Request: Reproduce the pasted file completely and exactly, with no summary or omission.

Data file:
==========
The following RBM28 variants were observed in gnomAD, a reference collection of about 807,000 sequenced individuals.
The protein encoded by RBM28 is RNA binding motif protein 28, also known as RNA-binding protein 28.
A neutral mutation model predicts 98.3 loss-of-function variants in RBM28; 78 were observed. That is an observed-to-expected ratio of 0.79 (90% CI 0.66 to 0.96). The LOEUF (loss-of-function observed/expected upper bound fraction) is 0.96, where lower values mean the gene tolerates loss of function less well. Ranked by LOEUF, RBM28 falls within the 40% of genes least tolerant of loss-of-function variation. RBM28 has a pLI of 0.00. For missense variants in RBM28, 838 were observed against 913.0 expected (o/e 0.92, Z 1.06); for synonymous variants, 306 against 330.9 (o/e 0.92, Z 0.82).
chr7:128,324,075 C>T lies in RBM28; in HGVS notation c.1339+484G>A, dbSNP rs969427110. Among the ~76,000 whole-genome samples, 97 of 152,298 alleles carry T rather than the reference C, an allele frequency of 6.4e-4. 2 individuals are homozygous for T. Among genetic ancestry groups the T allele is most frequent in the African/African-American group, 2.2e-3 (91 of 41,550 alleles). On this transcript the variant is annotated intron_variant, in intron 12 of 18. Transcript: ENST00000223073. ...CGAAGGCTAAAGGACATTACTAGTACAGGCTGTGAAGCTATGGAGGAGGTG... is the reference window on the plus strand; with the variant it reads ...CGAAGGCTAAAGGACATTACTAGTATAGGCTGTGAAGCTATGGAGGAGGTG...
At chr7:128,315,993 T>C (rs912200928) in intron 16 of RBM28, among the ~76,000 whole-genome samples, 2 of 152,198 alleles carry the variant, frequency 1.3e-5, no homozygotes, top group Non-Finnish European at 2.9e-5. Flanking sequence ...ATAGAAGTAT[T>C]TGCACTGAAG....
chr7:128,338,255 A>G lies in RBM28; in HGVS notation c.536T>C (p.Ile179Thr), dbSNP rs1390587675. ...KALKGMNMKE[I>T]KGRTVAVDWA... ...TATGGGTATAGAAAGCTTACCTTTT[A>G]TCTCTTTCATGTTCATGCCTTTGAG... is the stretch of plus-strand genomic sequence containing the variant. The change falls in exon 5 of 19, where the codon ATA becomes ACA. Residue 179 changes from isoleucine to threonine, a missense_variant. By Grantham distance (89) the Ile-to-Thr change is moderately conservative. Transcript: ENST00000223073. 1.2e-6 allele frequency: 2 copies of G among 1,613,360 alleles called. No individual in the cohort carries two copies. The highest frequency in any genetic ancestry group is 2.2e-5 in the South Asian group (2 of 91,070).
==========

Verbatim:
The following RBM28 variants were observed in gnomAD, a reference collection of about 807,000 sequenced individuals.
The protein encoded by RBM28 is RNA binding motif protein 28, also known as RNA-binding protein 28.
A neutral mutation model predicts 98.3 loss-of-function variants in RBM28; 78 were observed. That is an observed-to-expected ratio of 0.79 (90% CI 0.66 to 0.96). The LOEUF (loss-of-function observed/expected upper bound fraction) is 0.96, where lower values mean the gene tolerates loss of function less well. Ranked by LOEUF, RBM28 falls within the 40% of genes least tolerant of loss-of-function variation. RBM28 has a pLI of 0.00. For missense variants in RBM28, 838 were observed against 913.0 expected (o/e 0.92, Z 1.06); for synonymous variants, 306 against 330.9 (o/e 0.92, Z 0.82).
chr7:128,324,075 C>T lies in RBM28; in HGVS notation c.1339+484G>A, dbSNP rs969427110. Among the ~76,000 whole-genome samples, 97 of 152,298 alleles carry T rather than the reference C, an allele frequency of 6.4e-4. 2 individuals are homozygous for T. Among genetic ancestry groups the T allele is most frequent in the African/African-American group, 2.2e-3 (91 of 41,550 alleles). On this transcript the variant is annotated intron_variant, in intron 12 of 18. Transcript: ENST00000223073. ...CGAAGGCTAAAGGACATTACTAGTACAGGCTGTGAAGCTATGGAGGAGGTG... is the reference window on the plus strand; with the variant it reads ...CGAAGGCTAAAGGACATTACTAGTATAGGCTGTGAAGCTATGGAGGAGGTG...
At chr7:128,315,993 T>C (rs912200928) in intron 16 of RBM28, among the ~76,000 whole-genome samples, 2 of 152,198 alleles carry the variant, frequency 1.3e-5, no homozygotes, top group Non-Finnish European at 2.9e-5. Flanking sequence ...ATAGAAGTAT[T>C]TGCACTGAAG....
chr7:128,338,255 A>G lies in RBM28; in HGVS notation c.536T>C (p.Ile179Thr), dbSNP rs1390587675. ...KALKGMNMKE[I>T]KGRTVAVDWA... ...TATGGGTATAGAAAGCTTACCTTTT[A>G]TCTCTTTCATGTTCATGCCTTTGAG... is the stretch of plus-strand genomic sequence containing the variant. The change falls in exon 5 of 19, where the codon ATA becomes ACA. Residue 179 changes from isoleucine to threonine, a missense_variant. By Grantham distance (89) the Ile-to-Thr change is moderately conservative. Transcript: ENST00000223073. 1.2e-6 allele frequency: 2 copies of G among 1,613,360 alleles called. No individual in the cohort carries two copies. The highest frequency in any genetic ancestry group is 2.2e-5 in the South Asian group (2 of 91,070).